6

The French Revolution, Napoleon, and the Restoration of Austrian Power in Italy, 1789–1848

The seeds of change planted by the ill-fated Italian reform movements of the eighteenth century were given life by the unrest that swept throughout much of Europe at the close of the century. It is with the French Revolution and its Napoleonic aftermath that both domestic reform and the prospect of Italian national unity found their most ardent expression to date. Yet the subsequent defeat of Napoleon and the establishment of a reactionary European settlement under the Austrian foreign minister, Prince Klemens von Metternich, conspired to bury most reforms—although he found some necessary—dashing hopes and effectively postponing change in Italy for a generation. Nonetheless, the nationalistic and progressive aspirations that awakened in Italy during the 1790s would not die. The result was a period of constant probing, intellectual disquiet, organized resistance to the status quo, and ever more numerous attempts to find a formula that would ensure Italian independence.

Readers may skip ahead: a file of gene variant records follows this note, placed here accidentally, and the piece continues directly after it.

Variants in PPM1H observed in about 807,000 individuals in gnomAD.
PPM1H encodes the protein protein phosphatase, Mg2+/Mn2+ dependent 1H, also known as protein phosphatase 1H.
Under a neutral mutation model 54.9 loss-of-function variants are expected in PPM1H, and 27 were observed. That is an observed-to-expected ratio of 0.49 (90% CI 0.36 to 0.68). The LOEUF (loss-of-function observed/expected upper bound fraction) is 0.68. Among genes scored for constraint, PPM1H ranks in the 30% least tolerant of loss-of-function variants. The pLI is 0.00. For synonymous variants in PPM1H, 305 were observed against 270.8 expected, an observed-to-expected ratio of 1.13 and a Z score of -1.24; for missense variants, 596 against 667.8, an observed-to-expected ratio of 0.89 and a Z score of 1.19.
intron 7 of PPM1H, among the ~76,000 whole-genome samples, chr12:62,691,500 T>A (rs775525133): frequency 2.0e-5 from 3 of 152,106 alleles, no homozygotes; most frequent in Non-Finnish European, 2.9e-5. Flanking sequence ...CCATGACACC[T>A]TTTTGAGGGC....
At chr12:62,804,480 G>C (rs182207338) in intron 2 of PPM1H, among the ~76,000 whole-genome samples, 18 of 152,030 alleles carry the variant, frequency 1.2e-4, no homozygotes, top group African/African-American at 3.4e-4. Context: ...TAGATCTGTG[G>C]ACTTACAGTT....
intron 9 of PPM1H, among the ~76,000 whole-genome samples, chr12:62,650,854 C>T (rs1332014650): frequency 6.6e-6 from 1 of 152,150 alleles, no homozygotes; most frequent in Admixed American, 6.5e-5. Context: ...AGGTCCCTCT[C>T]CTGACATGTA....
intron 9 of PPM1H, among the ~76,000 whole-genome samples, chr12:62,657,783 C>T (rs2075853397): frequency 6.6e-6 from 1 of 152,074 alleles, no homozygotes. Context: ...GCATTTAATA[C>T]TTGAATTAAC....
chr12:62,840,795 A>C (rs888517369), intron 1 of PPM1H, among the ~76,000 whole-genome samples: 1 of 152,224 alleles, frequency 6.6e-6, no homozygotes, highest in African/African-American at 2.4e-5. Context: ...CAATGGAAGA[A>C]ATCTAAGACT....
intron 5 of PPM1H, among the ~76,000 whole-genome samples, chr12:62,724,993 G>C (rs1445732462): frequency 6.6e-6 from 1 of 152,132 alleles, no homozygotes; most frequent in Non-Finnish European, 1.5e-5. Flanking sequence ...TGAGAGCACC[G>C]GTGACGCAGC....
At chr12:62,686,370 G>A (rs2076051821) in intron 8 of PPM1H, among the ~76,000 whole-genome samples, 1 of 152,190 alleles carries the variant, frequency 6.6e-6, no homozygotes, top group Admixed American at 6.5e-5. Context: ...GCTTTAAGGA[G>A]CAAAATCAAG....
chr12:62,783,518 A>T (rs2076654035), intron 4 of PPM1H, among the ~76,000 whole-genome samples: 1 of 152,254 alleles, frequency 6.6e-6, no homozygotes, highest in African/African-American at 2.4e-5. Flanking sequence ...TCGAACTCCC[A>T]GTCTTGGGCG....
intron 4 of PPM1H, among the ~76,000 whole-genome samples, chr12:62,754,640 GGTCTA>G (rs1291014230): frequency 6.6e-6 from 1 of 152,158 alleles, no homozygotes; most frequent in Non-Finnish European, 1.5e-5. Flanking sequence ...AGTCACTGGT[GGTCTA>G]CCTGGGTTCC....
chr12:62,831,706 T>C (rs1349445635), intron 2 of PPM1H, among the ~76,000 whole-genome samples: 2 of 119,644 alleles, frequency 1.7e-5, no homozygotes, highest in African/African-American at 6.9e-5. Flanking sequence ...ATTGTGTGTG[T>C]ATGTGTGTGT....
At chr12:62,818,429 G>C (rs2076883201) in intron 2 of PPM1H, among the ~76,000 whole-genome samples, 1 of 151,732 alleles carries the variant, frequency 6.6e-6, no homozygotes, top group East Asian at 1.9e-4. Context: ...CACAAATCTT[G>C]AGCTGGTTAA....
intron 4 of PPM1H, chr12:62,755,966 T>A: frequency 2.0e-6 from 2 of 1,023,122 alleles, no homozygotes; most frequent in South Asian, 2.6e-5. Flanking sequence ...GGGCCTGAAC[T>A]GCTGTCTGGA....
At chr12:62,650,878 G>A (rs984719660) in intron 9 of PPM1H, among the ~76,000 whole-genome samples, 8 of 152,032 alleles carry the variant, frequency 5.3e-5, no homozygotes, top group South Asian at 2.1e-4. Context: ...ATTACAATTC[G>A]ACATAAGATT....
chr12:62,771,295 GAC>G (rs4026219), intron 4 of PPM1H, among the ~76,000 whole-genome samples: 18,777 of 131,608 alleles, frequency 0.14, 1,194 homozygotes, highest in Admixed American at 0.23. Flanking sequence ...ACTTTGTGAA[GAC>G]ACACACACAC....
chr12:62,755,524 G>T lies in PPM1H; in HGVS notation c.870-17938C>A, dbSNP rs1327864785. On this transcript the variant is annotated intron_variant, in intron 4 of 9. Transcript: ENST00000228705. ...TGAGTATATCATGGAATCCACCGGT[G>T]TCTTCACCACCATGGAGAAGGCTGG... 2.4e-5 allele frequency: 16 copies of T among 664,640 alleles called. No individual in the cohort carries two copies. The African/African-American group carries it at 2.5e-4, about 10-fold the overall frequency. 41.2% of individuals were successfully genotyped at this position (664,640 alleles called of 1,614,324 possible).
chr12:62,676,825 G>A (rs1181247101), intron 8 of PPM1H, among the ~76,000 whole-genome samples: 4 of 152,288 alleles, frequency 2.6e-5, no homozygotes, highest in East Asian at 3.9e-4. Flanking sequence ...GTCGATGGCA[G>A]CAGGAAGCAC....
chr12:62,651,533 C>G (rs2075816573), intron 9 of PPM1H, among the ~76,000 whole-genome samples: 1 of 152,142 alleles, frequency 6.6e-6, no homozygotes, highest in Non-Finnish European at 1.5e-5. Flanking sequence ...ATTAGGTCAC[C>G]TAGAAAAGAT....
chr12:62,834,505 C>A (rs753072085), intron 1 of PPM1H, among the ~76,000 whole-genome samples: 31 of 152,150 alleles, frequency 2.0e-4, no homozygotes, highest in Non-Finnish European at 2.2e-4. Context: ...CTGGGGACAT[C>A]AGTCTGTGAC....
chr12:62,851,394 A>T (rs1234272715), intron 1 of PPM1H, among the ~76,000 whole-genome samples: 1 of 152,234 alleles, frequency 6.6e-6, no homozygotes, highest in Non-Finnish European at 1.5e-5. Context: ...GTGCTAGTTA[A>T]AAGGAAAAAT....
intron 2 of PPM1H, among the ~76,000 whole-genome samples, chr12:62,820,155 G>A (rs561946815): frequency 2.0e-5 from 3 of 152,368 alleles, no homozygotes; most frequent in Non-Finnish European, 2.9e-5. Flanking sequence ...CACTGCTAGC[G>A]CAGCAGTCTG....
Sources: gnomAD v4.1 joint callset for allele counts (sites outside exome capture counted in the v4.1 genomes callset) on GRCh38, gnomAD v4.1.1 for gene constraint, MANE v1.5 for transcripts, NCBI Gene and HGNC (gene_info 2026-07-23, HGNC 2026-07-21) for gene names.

INFLUENCES FROM THE REVOLUTIONARY TRADITION

Among the Italians whose ideas influenced this period of intellectual and political ferment was the renowned Neapolitan philosopher Giambattista Vico (1668–1744). As Enlightenment theories of natural rights

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